Our Centre was established to assist with the WHO global program in the area of non-communicable diseases. The Centre began in 1986, focusing on insulin-dependent diabetes mellitus (IDDM). We helped to develop and coordinate the WHO Multinational Project for Childhood Diabetes, known as Diabetes Mondiale (DiaMond), which involves 150 centres in 70 countries. The Project is designed to monitor the incidence of childhood diabetes world-wide to the year 2 000 with the establishment of population-based registries, and includes molecular epidemiology studies of the risk factors for IDDM, mortality and economic studies of the impact of childhood diabetes, and short and long-term training in diabetes epidemiol ogy. In
recent years the work has developed along two exciting, parallel, directions, that of global disease telemonitoring, directed by Dr. LaPorte, and molecular epidemiology and
DNA technology transfer, directed by Dr. Dorman.

Telecommunications and Disease Monitoring
Director: Ronald E. LaPorte, Ph.D.

Much of local and global health involves information transfer and the monitoring of local health conditions for allocation of health resources. Since 1990 we have been establishing a Global Health Network (GHNet). The GHNet consists of the establishment of interconnectivity among all public health people world wide, the development of a telecommunications backbone to a disease monitoring system which will assess the frequency both communicable and non-communicable diseases, the development of aglobal health network university (a meta university) and networking of all health related non-government organizations. The global health network system is being developed in conjunction with individuals from PAHO, WHO, NASA, the World Bank, US Foreign AID, IBM, Digital plus several other agencies. With the Global Health Network it will be possible for public health officials and researchers from even the remotest areas across the world to exchange information and data. The telecommunications system will permit almost daily updates of health at the local to global level, and students will be able to inexpensively take classes from leading teachers half a world away. We are beginning pilot studies of this effort in South Korea and Chile.

Molecular Epidemiology and DNA Technology Transfer
Director: Janice S. Dorman, Ph.D.

Molecular epidemiology has recently been defined as "a science that focuses on the contribution of potential genetic and environmental risk factors, identified at the molecular level, to the etiology, distribution and prevention of disease within families and across populations". This new field has recently emerged from the integration of molecular biology into traditional epidemiologic research. The objectives of molecular epidemiology include: 1) descriptive and analytical studies to evaluate host/environmental interactions in disease, 2) the development of prevention strategies for the control of bacterial, parasitic and viral disorders through molecular diagnosis, and 3) the prevention of non-communicable diseases and genetic disorders by assessing risk and identifying susceptible individuals through genetic screening.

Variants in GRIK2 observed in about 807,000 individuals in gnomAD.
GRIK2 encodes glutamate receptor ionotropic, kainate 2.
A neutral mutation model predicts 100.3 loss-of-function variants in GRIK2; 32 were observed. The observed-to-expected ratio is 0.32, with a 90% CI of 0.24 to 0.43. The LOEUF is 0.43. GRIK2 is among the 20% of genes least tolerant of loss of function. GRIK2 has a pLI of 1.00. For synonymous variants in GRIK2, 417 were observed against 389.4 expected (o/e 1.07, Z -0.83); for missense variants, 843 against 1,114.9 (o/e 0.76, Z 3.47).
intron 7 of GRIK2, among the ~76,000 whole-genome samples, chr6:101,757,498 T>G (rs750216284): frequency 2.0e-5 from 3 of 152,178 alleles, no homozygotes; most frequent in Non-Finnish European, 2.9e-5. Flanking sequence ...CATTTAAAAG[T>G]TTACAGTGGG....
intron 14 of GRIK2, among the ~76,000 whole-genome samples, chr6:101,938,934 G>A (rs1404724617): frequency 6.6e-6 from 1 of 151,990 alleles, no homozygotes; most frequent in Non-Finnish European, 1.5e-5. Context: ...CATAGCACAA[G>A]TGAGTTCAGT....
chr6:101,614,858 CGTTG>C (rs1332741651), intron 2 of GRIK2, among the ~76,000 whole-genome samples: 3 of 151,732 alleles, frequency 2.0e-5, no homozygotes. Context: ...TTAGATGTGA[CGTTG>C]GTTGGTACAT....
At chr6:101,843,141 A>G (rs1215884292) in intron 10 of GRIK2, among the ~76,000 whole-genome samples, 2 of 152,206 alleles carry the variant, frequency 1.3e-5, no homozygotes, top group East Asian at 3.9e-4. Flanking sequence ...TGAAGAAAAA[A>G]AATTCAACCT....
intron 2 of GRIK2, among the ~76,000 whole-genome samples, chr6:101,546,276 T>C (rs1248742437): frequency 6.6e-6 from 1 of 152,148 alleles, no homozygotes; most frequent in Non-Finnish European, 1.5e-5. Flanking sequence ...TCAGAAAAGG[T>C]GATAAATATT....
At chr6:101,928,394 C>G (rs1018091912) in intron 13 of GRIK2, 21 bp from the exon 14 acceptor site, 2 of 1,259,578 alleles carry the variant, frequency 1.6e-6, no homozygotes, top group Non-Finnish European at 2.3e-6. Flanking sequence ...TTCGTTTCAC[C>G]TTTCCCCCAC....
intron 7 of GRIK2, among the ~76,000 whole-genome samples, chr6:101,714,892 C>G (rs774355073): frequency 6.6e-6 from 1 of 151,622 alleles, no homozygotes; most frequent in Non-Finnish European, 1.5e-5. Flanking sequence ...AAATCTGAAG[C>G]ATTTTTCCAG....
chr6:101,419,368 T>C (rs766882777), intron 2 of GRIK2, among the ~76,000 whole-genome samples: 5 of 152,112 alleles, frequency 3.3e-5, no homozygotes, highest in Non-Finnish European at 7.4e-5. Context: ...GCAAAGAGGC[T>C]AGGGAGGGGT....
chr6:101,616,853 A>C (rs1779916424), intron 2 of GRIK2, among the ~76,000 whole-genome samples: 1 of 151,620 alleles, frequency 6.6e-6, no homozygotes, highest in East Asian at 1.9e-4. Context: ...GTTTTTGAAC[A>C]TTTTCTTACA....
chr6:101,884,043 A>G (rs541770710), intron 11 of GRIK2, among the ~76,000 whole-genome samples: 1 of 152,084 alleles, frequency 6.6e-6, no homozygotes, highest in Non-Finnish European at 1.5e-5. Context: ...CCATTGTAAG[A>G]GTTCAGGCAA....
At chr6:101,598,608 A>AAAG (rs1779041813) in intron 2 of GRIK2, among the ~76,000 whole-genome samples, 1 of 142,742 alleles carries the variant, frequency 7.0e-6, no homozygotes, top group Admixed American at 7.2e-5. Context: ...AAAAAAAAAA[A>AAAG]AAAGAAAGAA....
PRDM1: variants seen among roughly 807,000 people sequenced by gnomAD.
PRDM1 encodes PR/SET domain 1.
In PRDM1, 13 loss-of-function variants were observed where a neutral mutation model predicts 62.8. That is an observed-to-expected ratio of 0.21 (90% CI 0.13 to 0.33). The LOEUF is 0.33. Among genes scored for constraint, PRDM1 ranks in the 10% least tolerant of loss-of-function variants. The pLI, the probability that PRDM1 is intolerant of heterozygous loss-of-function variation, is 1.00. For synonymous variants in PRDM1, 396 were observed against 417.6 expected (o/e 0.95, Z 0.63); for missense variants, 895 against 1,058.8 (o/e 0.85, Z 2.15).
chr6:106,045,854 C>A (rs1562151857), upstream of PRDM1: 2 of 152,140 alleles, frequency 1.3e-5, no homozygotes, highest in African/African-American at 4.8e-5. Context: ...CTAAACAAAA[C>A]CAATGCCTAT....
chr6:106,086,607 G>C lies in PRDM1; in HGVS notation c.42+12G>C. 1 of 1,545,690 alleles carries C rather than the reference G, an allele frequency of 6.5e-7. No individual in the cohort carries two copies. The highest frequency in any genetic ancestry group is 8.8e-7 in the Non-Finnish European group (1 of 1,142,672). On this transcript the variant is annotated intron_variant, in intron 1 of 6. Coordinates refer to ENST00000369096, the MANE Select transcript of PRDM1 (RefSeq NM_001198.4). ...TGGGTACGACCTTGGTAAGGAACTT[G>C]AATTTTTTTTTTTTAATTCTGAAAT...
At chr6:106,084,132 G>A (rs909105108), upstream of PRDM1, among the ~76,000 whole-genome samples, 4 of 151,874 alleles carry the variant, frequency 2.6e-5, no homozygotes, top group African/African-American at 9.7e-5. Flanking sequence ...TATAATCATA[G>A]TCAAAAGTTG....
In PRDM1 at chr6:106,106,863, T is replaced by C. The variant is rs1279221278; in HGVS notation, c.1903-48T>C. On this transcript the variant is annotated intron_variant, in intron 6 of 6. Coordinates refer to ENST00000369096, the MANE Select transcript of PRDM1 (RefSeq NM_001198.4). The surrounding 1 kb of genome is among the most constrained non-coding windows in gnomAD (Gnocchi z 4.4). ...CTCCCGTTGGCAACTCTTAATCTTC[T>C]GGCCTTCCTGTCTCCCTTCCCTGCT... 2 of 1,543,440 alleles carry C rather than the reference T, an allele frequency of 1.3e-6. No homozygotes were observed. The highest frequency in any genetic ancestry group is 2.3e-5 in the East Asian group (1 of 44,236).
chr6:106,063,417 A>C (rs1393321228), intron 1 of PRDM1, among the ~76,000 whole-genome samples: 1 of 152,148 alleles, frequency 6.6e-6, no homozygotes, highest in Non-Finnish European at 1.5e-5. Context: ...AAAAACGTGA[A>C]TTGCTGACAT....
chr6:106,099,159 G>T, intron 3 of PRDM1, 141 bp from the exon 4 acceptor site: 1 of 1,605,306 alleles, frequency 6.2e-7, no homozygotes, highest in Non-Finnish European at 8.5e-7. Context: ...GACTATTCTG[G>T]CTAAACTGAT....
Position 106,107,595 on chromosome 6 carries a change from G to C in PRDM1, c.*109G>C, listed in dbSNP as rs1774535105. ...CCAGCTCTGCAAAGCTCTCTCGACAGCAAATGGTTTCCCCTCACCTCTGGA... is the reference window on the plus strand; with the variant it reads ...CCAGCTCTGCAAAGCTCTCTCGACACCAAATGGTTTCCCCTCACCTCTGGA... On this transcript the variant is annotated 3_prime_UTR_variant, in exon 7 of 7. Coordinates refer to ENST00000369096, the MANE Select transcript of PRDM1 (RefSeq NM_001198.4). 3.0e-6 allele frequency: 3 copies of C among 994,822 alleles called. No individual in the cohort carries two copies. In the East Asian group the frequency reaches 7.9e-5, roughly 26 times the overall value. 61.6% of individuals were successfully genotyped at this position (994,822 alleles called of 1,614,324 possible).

As yet, few countries are involved in molecular epidemiology due to a lack of trained molecular epidemiologists and limited access to advanced biotechnology for epidemiology and public health practice. Thus the International Molecular Epidemiology Task Force (IMETAF) was recently established and is being coordinated at this WHO Collaborating Centre. Its mission is to: 1) facilitate the development and implementation of programs in molecular epidemiology in all regions of the world, and 2) promote advanced biotechnology transfer for scientific research and its integration into epidemiology, medicine and public health for disease prevention. Each participating country is establishing a National Scientific Committee with Government Advisors to assure that the activities related to the development of molecular epidemiology are integrated with other national health programs and contribute towards the establishment of appropriate health policy. Sci entific committees in Argentina, China, and Mexico have been formally established. Other countries in Africa, Asia, and Latin America are planning to join this initiative. Although each molecular epidemiology program is unique, common international objectives are addressed. These include an assessment of health problems which may be improved through molecular
epidemiology, an analyses of the nation's state-of-the-art in epidemiology and molecular biology, the development of multidisciplinary collaborative networks, tra ining programs, disease-specific projects, and the transfer of advanced biotechnology and epidemiology.

International Collaborative Efforts